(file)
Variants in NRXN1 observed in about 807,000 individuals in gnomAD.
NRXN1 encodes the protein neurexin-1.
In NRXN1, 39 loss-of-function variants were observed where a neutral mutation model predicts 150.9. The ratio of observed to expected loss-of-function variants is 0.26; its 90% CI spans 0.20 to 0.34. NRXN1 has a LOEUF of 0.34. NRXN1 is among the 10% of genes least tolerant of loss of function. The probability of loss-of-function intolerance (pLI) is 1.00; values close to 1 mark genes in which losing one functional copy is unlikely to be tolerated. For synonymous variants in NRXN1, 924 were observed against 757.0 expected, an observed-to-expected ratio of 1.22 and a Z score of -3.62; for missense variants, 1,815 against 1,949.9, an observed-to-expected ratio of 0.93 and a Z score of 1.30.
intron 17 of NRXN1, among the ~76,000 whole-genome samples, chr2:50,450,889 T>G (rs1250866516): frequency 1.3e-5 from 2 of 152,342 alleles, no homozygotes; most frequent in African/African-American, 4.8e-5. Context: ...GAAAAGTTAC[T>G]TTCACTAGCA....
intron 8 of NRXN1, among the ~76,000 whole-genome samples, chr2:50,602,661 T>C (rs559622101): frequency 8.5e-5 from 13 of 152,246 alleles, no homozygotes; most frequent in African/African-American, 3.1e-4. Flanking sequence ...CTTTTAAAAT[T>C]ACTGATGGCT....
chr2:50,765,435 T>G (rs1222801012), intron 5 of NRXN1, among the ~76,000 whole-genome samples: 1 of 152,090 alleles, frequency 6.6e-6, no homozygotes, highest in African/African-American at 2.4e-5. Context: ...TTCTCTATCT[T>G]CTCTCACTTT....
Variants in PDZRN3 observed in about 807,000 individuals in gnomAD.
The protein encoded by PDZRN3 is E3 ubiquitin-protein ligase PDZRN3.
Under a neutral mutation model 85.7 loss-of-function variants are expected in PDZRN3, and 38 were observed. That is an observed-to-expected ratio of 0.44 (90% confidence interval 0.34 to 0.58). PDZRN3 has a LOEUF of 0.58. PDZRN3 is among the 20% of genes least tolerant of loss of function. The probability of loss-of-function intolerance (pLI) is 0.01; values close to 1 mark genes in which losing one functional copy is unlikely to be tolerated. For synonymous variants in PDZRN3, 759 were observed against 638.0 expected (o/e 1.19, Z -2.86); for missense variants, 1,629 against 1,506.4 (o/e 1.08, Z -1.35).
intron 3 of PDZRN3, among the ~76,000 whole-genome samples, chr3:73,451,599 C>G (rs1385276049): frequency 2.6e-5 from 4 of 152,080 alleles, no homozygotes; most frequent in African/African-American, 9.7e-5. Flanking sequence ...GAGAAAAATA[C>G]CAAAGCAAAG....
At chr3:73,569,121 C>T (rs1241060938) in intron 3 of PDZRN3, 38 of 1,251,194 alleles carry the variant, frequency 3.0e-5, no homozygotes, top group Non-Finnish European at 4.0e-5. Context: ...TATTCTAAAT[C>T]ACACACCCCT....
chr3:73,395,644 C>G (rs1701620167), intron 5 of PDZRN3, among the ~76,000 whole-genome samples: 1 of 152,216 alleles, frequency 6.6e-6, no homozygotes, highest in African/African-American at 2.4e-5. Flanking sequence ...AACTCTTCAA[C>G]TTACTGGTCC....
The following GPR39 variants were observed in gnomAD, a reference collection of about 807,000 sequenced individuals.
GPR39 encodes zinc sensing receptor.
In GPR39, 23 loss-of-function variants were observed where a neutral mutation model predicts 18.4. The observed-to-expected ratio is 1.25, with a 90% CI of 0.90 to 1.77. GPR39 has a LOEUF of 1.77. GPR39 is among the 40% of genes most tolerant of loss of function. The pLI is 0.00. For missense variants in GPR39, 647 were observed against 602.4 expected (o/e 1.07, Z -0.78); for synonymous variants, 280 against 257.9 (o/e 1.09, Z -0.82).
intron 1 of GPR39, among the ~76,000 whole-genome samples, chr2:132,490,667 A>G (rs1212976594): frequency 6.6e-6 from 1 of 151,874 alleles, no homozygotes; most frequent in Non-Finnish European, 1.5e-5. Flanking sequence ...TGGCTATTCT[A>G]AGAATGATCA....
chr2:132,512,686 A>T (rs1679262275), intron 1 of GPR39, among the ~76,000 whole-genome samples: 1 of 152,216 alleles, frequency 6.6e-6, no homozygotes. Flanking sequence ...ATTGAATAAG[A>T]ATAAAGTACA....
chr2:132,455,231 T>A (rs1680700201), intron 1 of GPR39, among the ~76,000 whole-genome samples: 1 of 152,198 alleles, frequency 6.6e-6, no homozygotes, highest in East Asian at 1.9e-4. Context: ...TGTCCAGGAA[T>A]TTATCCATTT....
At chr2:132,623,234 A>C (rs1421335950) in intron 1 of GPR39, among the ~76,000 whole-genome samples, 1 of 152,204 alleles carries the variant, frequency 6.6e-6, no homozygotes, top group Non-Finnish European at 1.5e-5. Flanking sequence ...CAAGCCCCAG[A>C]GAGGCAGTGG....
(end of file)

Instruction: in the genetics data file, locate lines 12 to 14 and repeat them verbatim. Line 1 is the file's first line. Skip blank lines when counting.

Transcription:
chr3:73,395,644 C>G (rs1701620167), intron 5 of PDZRN3, among the ~76,000 whole-genome samples: 1 of 152,216 alleles, frequency 6.6e-6, no homozygotes, highest in African/African-American at 2.4e-5. Flanking sequence ...AACTCTTCAA[C>G]TTACTGGTCC....
The following GPR39 variants were observed in gnomAD, a reference collection of about 807,000 sequenced individuals.
GPR39 encodes zinc sensing receptor.